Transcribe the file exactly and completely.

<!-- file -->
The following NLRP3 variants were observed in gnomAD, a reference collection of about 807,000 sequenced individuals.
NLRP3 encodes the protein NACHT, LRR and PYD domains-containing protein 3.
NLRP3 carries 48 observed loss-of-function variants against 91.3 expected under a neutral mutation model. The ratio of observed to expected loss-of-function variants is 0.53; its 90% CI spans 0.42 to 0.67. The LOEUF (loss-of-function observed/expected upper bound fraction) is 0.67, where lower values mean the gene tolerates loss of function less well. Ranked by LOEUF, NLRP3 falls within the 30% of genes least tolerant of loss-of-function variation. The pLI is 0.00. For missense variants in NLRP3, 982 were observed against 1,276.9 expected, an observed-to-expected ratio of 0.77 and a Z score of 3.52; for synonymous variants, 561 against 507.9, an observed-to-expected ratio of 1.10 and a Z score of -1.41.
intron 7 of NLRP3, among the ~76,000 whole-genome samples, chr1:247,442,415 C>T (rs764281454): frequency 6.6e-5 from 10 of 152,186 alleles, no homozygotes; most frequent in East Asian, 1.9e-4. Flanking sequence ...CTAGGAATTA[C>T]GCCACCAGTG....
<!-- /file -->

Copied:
The following NLRP3 variants were observed in gnomAD, a reference collection of about 807,000 sequenced individuals.
NLRP3 encodes the protein NACHT, LRR and PYD domains-containing protein 3.
NLRP3 carries 48 observed loss-of-function variants against 91.3 expected under a neutral mutation model. The ratio of observed to expected loss-of-function variants is 0.53; its 90% CI spans 0.42 to 0.67. The LOEUF (loss-of-function observed/expected upper bound fraction) is 0.67, where lower values mean the gene tolerates loss of function less well. Ranked by LOEUF, NLRP3 falls within the 30% of genes least tolerant of loss-of-function variation. The pLI is 0.00. For missense variants in NLRP3, 982 were observed against 1,276.9 expected, an observed-to-expected ratio of 0.77 and a Z score of 3.52; for synonymous variants, 561 against 507.9, an observed-to-expected ratio of 1.10 and a Z score of -1.41.
intron 7 of NLRP3, among the ~76,000 whole-genome samples, chr1:247,442,415 C>T (rs764281454): frequency 6.6e-5 from 10 of 152,186 alleles, no homozygotes; most frequent in East Asian, 1.9e-4. Flanking sequence ...CTAGGAATTA[C>T]GCCACCAGTG....